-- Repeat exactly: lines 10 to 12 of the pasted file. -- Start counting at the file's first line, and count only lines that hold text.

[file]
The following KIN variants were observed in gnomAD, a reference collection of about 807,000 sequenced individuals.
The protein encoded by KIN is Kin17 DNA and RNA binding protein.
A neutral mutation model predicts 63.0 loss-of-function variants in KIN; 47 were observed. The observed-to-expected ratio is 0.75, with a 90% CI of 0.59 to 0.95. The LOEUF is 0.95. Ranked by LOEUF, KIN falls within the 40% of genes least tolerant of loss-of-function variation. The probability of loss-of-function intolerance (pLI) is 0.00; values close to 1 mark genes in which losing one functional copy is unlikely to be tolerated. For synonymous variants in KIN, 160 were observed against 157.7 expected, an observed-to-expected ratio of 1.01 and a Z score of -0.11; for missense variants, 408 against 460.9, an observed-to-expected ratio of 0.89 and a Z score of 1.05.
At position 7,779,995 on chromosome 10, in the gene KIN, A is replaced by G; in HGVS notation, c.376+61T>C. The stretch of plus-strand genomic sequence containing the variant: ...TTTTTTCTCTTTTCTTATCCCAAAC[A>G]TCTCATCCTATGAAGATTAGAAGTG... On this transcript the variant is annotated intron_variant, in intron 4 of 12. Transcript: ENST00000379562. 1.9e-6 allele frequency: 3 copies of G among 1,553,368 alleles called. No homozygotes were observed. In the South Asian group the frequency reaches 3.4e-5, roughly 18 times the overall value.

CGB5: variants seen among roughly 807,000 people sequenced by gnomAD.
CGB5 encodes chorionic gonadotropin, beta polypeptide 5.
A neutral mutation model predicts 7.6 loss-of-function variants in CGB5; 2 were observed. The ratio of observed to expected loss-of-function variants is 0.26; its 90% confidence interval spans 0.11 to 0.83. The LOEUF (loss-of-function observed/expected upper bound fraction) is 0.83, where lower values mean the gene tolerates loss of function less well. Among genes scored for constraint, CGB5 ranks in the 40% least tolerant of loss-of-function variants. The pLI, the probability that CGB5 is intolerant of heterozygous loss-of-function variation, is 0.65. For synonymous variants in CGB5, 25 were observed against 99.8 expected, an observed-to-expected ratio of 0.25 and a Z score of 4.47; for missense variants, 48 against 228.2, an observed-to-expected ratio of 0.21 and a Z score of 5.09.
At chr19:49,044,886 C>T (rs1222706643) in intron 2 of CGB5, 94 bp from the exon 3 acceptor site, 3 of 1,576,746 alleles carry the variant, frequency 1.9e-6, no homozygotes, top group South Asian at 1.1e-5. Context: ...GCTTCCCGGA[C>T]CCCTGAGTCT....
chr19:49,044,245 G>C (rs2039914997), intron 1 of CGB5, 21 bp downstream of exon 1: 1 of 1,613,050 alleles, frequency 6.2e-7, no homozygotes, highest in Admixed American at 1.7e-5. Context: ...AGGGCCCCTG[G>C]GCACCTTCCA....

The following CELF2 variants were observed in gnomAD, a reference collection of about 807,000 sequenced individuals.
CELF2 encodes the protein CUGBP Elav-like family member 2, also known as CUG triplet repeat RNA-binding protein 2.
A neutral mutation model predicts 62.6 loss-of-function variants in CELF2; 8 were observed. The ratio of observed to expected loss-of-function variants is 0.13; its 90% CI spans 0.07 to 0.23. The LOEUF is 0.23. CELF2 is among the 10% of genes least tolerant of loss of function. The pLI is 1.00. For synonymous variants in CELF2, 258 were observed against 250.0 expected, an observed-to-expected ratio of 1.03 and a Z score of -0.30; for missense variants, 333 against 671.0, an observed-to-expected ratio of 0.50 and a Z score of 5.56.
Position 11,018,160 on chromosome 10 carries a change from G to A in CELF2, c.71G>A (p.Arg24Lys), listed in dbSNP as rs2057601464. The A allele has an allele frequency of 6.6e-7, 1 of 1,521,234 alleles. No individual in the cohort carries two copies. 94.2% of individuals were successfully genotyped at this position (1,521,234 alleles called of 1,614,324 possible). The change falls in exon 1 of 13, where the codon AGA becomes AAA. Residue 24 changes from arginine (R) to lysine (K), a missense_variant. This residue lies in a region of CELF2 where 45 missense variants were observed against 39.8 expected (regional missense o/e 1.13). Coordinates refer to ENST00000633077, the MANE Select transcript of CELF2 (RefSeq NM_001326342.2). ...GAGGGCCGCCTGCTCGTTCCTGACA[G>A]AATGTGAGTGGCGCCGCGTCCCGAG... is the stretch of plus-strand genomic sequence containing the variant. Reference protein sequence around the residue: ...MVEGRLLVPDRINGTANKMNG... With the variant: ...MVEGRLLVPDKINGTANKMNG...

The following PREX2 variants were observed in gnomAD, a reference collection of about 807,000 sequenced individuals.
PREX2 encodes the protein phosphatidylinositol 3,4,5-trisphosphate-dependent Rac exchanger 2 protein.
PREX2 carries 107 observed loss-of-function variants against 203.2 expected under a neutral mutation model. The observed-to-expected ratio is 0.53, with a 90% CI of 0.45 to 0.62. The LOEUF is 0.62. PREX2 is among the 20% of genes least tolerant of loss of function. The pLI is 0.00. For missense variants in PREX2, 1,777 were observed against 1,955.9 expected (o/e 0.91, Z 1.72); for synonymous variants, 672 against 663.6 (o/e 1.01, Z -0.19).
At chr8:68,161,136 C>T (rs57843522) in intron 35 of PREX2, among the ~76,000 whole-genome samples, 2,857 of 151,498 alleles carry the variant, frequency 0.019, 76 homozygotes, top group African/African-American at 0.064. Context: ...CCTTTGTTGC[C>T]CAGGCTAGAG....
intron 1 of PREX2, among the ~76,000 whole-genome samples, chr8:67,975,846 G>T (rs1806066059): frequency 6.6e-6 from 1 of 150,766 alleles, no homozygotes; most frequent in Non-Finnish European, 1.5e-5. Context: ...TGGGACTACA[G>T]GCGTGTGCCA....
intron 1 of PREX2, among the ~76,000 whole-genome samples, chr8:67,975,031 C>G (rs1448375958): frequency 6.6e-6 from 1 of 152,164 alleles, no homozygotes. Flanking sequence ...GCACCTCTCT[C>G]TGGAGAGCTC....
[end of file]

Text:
The following CELF2 variants were observed in gnomAD, a reference collection of about 807,000 sequenced individuals.
CELF2 encodes the protein CUGBP Elav-like family member 2, also known as CUG triplet repeat RNA-binding protein 2.
A neutral mutation model predicts 62.6 loss-of-function variants in CELF2; 8 were observed. The ratio of observed to expected loss-of-function variants is 0.13; its 90% CI spans 0.07 to 0.23. The LOEUF is 0.23. CELF2 is among the 10% of genes least tolerant of loss of function. The pLI is 1.00. For synonymous variants in CELF2, 258 were observed against 250.0 expected, an observed-to-expected ratio of 1.03 and a Z score of -0.30; for missense variants, 333 against 671.0, an observed-to-expected ratio of 0.50 and a Z score of 5.56.